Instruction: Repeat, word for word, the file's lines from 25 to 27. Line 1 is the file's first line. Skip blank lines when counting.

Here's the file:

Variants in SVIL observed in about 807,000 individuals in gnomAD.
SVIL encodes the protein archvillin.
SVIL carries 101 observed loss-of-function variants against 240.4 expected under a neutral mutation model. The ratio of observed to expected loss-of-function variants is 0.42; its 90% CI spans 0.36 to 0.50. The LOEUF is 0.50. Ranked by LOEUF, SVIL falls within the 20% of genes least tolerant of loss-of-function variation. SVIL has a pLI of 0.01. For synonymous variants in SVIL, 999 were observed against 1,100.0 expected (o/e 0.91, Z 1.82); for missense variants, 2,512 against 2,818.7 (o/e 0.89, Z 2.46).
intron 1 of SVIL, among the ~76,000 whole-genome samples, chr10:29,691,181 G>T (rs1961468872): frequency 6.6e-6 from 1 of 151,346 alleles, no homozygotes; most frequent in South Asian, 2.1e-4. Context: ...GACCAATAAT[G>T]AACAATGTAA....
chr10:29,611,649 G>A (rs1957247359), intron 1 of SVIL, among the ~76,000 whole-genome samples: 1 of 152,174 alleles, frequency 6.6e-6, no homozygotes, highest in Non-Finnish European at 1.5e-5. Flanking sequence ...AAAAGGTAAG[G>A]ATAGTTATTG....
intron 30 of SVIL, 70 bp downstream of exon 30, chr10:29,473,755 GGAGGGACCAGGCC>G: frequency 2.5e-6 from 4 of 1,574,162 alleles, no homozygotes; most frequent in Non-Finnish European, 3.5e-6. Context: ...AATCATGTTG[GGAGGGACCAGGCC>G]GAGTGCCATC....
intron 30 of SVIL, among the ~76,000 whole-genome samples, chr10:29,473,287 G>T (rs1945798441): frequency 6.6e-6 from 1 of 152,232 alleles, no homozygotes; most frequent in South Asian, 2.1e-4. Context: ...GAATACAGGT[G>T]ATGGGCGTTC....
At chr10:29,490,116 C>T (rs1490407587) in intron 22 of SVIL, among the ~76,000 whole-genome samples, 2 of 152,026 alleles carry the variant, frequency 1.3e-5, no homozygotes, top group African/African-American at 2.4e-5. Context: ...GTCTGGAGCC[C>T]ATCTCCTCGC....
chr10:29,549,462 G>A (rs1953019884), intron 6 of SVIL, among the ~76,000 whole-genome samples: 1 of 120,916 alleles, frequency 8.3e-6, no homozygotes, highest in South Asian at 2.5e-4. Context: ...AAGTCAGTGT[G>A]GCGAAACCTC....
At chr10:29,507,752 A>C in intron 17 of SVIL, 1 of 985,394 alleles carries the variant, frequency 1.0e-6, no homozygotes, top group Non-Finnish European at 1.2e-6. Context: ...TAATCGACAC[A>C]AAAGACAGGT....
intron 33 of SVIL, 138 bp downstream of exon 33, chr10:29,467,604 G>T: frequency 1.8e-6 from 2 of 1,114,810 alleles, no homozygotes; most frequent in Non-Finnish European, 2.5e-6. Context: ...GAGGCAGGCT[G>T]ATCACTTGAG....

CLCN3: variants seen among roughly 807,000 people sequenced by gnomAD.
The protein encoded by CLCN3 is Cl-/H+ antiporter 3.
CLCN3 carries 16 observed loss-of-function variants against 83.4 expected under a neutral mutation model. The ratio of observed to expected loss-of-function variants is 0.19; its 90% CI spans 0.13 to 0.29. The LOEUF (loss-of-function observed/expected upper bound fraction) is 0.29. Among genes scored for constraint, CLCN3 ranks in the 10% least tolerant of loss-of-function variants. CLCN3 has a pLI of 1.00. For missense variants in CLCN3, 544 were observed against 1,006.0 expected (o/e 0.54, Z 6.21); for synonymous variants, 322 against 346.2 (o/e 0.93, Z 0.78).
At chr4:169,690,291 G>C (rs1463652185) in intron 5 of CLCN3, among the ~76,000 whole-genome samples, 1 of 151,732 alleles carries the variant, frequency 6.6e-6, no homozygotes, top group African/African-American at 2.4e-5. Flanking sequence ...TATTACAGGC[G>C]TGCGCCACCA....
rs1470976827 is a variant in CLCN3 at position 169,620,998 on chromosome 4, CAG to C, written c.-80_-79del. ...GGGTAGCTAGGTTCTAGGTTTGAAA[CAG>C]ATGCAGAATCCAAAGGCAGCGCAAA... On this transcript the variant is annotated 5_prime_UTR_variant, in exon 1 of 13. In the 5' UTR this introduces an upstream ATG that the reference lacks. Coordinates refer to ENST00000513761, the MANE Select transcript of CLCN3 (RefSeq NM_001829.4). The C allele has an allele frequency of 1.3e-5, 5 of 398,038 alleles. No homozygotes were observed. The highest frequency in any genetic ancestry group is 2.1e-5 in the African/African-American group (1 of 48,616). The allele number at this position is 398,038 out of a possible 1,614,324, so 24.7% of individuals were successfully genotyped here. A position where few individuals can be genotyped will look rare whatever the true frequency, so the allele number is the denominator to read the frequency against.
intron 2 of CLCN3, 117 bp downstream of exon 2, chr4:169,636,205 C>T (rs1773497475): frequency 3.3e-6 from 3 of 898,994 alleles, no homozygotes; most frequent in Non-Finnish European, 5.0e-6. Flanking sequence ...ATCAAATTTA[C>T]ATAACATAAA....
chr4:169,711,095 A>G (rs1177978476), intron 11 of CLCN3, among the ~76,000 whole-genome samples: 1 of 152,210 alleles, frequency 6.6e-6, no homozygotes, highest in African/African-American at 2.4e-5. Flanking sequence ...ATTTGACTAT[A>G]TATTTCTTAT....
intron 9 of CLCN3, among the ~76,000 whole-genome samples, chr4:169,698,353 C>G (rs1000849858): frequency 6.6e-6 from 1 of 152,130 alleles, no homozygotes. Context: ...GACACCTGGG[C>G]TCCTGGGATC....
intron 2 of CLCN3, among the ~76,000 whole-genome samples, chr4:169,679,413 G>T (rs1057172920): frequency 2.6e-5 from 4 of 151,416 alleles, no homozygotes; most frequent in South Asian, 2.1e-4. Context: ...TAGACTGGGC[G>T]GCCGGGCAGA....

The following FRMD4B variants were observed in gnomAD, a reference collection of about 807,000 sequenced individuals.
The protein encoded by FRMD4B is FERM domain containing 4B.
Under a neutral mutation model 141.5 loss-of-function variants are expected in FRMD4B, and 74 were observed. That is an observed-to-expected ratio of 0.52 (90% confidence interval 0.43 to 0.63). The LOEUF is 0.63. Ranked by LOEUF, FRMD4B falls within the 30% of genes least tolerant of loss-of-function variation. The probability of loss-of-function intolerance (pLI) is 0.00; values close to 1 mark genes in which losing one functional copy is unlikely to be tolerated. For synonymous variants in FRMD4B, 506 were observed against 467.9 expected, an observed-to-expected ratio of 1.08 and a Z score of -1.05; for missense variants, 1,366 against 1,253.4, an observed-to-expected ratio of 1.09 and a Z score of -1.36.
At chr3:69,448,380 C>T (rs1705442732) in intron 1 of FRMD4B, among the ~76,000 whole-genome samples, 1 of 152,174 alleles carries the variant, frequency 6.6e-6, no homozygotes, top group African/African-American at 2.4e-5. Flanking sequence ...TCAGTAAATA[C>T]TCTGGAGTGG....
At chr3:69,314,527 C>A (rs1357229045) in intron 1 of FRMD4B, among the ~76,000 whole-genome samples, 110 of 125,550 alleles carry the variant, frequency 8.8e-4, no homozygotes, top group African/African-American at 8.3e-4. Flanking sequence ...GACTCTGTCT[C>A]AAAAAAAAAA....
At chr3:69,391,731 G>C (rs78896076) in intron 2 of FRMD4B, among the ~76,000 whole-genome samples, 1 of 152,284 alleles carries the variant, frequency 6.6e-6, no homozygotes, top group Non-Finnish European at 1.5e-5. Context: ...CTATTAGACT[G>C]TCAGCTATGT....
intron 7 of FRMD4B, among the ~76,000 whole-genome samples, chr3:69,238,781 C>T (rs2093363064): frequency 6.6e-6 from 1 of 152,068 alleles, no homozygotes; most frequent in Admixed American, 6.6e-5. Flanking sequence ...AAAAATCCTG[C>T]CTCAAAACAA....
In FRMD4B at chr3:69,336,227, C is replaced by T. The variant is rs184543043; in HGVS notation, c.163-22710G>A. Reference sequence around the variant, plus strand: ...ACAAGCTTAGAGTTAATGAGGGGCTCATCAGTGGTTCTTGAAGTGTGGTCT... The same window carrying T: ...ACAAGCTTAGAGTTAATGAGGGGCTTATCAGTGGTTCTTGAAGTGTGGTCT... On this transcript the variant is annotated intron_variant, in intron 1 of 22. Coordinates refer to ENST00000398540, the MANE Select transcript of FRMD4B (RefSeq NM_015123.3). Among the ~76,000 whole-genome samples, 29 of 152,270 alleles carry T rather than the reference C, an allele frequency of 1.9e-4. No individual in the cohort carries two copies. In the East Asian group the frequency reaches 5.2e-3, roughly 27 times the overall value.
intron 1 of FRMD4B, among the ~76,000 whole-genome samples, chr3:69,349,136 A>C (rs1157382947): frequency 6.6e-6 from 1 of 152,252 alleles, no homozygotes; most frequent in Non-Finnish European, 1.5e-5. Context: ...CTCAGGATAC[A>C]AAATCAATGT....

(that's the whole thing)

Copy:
At chr3:69,314,527 C>A (rs1357229045) in intron 1 of FRMD4B, among the ~76,000 whole-genome samples, 110 of 125,550 alleles carry the variant, frequency 8.8e-4, no homozygotes, top group African/African-American at 8.3e-4. Flanking sequence ...GACTCTGTCT[C>A]AAAAAAAAAA....
At chr3:69,391,731 G>C (rs78896076) in intron 2 of FRMD4B, among the ~76,000 whole-genome samples, 1 of 152,284 alleles carries the variant, frequency 6.6e-6, no homozygotes, top group Non-Finnish European at 1.5e-5. Context: ...CTATTAGACT[G>C]TCAGCTATGT....
intron 7 of FRMD4B, among the ~76,000 whole-genome samples, chr3:69,238,781 C>T (rs2093363064): frequency 6.6e-6 from 1 of 152,068 alleles, no homozygotes; most frequent in Admixed American, 6.6e-5. Flanking sequence ...AAAAATCCTG[C>T]CTCAAAACAA....